Erratic, unusual and rhythmic sounds packed the small Mac theatre room on Saturday night as another successful year of Brilliant Corners Jazz Festival drew to a triumphant end.
We hear ‘jazz festival’ and for many of us, our minds envision that undeniable speedy soul hitting rhythms and the unpredictable risky ventures that accompanies jazz, and the closing night of this sensation festival delivered just that. Adding a modern and curious approach to the genre and to the music scene.
Running for the third year, Brilliant Corners Jazz Festival is Belfast’s only dedicated jazz festival, conjoining both local and international talents to create a spectacular 4 days of pure entertainment for all.
Upstairs at The MAC began to fill and the minimal use of lightening along with the smaller size of the setting created an intimate feel for the audience.
As supporting acts David Stockard and Edward Lucas took to the stage to collaborate and play an acoustic improvisation set on percussion and trombone. They immediately captured and maintained the audience’s attention with their unique take on their instruments and playing style. All eyes were fixated on the two, nobody daring to look away at risk of what might be missed. This collaboration produced mesmerising and enchanting sounds but listening alone did not do it justice, as they created a visual set, both undoubtedly hooked on their instruments and playing.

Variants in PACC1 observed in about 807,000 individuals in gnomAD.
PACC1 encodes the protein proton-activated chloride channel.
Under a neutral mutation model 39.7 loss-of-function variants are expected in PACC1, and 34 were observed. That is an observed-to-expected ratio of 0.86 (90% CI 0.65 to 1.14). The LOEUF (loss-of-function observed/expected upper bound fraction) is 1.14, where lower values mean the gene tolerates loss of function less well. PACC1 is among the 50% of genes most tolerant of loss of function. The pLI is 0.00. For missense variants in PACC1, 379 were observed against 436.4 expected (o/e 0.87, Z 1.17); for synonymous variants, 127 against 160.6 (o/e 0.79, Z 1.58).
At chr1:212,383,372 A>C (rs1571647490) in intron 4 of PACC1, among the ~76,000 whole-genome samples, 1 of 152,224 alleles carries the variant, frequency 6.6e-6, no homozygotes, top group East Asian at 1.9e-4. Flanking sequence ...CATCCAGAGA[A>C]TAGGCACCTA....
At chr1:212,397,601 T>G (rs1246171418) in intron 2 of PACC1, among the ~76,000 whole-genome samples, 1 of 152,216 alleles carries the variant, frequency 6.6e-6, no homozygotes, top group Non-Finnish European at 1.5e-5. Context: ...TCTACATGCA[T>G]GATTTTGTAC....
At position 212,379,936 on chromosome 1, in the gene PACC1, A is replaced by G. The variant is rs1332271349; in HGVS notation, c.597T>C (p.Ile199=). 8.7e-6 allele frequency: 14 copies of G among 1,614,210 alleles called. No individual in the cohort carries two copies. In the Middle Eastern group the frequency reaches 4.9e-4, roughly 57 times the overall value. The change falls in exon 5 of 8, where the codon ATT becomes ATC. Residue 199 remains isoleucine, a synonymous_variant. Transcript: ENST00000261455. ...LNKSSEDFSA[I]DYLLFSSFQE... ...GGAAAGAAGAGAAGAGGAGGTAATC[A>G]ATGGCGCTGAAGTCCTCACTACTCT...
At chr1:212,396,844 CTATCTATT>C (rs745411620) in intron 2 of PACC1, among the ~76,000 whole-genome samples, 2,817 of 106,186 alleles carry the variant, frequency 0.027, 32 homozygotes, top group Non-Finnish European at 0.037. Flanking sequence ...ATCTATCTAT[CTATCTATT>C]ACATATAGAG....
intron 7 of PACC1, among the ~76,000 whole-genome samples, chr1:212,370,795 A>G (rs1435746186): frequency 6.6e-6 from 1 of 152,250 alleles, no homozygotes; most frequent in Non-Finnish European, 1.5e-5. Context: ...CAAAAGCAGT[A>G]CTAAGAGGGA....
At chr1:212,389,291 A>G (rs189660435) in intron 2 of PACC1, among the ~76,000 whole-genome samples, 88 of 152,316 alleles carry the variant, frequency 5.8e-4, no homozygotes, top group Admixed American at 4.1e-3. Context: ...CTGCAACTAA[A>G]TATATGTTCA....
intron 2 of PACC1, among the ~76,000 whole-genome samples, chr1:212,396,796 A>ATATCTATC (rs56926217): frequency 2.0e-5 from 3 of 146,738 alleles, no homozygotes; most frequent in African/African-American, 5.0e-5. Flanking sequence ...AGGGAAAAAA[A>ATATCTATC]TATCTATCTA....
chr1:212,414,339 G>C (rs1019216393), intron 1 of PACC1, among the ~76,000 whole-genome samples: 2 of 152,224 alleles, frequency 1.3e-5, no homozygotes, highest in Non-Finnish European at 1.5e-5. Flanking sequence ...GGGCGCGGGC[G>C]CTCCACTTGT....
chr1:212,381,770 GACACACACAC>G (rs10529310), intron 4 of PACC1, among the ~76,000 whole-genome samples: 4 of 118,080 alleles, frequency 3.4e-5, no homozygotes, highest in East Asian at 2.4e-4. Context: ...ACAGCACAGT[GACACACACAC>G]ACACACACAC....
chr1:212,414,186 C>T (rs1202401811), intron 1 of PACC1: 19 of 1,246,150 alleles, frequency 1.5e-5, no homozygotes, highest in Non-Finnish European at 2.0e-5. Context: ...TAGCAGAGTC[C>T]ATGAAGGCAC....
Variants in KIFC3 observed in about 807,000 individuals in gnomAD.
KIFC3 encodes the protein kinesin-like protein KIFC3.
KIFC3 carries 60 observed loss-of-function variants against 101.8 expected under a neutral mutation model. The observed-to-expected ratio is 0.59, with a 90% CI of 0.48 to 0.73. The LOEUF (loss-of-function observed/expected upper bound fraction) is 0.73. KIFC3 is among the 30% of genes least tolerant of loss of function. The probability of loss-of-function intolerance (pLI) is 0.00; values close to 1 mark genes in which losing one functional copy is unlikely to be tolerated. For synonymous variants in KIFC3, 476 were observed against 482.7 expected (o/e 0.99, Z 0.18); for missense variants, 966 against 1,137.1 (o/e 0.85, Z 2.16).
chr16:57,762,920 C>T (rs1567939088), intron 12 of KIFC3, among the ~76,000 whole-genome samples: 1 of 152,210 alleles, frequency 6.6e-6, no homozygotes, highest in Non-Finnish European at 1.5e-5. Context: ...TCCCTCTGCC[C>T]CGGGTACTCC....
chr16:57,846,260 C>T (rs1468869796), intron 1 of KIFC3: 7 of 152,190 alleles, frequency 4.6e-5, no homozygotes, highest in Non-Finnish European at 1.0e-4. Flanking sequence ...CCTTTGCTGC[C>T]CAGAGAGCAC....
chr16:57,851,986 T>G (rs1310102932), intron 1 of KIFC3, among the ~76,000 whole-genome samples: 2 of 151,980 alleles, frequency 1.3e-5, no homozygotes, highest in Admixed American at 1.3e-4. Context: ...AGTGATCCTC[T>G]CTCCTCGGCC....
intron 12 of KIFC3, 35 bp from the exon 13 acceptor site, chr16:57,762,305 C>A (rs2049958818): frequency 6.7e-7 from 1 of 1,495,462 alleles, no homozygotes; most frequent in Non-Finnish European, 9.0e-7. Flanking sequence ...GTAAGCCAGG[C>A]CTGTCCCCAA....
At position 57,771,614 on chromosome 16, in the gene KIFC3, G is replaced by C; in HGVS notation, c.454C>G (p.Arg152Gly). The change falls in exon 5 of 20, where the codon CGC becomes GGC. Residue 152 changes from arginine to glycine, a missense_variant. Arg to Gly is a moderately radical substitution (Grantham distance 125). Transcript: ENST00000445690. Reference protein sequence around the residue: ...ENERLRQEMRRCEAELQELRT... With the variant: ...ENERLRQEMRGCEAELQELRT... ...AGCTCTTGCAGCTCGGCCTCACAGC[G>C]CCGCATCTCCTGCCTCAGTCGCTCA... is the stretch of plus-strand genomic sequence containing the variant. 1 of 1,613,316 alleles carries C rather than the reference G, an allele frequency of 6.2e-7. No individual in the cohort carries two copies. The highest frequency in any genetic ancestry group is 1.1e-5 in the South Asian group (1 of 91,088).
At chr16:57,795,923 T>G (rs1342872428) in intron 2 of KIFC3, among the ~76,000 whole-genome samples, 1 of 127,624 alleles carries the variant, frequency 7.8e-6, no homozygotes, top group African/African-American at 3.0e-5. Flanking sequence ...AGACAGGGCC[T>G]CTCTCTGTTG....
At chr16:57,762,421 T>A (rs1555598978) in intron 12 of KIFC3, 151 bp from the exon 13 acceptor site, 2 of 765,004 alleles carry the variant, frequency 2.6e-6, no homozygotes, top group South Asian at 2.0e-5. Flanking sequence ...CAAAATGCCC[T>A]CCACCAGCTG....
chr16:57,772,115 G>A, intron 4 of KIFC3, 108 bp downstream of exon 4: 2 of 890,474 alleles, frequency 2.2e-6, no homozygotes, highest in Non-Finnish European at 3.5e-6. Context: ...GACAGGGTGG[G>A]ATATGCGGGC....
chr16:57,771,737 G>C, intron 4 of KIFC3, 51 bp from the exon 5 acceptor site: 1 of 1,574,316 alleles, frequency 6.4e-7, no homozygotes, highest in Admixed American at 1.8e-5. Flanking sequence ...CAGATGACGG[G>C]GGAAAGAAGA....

The collaboration worked on improvisation, displaying an inimitable creativeness, picking up on one another, matching and differentiating between pace and volume. Experimenting with the sounds and limits of their instruments.
Main act, multi instrumentalist, composer and improviser Fred Frith took to the stage accompanied by an applause from the audience, all attentively awaiting the unknown sounds that were about to be created.
Barefoot and displaying a natural demeanour, this felt unlike a concert. Picking up his Gibson ES 500 Fred Frith took a seat and invited the audience into his imaginative world of music. Showing off all aspects of his guitar, he played at great ease, like this is what he was made to do.
Frith sat among an array pedals and equipment, using the likes of violin bows and chains to create new and unusual songs with his guitar, sending a rhythmic base throughout the audience. Everything played was looped in order to build it all up bit by bit, alternating between using equipment and playing with his hands. The sounds created pulsating through the audience.
Frith showed the guitar in a completely new light, displaying the diversity of the instrument. Throughout his performance the intimate feeling in which the night held heightened, with an immense atmosphere created. When the ebow was introduced to the performance the intensity amplified.
The performance was invigorating to watch and to be a part of and was a great end to the festival, closing it with a massive success. Siobhán Murphy, GiggingNI.com